by Cynthia Voight
First sentence: “What she saw first was a moving shadow.”
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One of the benefits of having a blog and rereading a book, is going back and looking at what you wrote about it the first time. At which point, you cringe, and think to yourself, “Dang, I’ve gotten so much better at this blogging thing!”
My last sentence still stands, though: this book is a pleasure to read.
It follows Birle, the daughter of an Innkeeper, who is monumentally unhappy with her life. She’s just agreed to get married, mostly out of desperation, when she spots someone trying to steal a boat from her father. Being a bit foolhardy, she takes off after the thief, and ends up on Fortune’s Wheel. The thief turns out to be Orien, the grandson of the Earl, who is running from his fate as the Earl to be. Their fortune goes from bad to worse as they are marooned on an island, and from there sold into slavery. Throughout it, though, they have the love that they developed for each other. And fortune, for better or for ill.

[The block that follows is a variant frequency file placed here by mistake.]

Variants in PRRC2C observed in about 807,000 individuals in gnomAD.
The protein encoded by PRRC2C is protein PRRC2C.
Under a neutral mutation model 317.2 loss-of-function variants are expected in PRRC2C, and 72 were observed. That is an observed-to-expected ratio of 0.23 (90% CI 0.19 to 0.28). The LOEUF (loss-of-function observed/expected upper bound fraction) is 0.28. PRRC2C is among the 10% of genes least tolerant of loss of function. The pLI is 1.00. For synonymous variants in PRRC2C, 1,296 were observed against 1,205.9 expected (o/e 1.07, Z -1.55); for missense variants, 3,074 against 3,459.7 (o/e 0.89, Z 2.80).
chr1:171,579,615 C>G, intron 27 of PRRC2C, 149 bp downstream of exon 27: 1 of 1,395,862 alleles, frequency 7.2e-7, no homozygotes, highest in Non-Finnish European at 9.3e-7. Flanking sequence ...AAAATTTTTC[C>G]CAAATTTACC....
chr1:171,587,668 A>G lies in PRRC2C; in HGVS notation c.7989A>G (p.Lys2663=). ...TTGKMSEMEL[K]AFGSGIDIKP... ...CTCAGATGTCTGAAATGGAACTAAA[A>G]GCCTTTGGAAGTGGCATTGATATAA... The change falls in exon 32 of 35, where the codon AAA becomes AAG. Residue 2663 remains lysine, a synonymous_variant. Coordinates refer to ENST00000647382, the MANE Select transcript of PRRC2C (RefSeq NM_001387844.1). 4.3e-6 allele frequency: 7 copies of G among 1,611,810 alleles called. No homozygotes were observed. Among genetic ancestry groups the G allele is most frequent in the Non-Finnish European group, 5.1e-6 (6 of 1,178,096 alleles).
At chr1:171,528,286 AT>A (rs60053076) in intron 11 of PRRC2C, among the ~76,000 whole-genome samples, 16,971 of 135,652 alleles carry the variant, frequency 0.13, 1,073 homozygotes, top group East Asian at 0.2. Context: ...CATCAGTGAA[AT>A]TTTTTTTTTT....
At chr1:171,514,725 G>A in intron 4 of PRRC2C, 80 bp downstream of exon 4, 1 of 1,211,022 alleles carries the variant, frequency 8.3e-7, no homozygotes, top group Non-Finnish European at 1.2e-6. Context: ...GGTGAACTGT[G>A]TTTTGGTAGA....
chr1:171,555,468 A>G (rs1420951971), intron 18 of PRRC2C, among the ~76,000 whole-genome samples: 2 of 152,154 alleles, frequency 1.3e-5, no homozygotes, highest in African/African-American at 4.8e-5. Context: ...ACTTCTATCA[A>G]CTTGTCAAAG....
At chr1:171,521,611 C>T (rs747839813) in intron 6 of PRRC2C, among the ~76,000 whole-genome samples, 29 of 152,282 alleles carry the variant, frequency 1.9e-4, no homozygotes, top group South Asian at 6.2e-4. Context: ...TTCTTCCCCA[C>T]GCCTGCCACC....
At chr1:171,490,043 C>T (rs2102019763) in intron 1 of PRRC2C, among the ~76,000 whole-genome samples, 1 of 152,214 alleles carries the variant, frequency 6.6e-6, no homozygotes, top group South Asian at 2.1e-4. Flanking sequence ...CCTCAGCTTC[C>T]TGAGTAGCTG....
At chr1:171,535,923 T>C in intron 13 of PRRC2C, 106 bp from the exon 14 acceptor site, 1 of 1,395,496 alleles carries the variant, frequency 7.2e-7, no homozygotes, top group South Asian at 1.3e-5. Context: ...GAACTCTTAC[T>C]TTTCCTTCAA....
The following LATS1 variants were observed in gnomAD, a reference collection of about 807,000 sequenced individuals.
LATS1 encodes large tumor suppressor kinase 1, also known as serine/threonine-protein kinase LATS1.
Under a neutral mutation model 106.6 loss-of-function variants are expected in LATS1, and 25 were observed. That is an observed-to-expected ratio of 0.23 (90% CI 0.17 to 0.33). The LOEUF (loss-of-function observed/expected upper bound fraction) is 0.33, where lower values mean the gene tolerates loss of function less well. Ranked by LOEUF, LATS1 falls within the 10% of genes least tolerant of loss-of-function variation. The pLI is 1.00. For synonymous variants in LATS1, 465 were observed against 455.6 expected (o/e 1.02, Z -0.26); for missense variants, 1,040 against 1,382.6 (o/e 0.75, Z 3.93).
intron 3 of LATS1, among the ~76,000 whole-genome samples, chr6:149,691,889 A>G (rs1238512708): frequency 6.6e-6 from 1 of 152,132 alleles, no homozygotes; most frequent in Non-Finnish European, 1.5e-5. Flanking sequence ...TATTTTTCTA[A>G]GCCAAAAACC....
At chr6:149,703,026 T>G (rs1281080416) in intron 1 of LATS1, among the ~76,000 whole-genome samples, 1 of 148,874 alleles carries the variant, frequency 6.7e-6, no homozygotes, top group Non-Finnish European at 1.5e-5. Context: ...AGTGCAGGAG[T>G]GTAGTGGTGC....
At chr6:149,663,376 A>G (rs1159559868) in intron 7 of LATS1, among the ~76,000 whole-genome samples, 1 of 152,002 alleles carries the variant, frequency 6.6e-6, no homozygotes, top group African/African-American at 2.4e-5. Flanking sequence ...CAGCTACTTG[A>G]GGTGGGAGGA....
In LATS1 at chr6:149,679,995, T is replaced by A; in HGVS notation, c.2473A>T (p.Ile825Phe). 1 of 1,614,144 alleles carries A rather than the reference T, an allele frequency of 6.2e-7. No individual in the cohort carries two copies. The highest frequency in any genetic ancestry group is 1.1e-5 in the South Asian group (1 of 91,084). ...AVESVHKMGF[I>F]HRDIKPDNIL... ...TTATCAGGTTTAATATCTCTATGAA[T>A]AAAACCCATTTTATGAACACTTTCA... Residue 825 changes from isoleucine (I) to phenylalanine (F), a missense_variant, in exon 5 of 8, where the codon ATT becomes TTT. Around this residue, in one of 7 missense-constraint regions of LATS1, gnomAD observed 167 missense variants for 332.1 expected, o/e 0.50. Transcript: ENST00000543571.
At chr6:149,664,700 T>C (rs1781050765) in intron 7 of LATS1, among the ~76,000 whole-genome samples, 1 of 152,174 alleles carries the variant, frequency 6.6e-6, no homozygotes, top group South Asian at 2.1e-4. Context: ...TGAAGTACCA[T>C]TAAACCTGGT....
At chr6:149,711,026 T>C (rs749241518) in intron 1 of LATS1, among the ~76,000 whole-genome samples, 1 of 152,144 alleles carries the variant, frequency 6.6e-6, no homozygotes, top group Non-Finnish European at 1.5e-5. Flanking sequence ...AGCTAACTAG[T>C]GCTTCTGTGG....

It’s a lovely, simple story, elegantly told. Voight is a master storyteller, and even if there wasn’t a whole lot going on plot-wise, she manages to make the characters and the situations compelling enough that it doesn’t matter if there’s not much going on. Voight doesn’t go in for flashy things, especially in this historical-feeling book. There’s no magic, no grand intrigue, just two people going through life trying to make the best of the situations thrown at them.
Which makes it an absolutely beautiful book.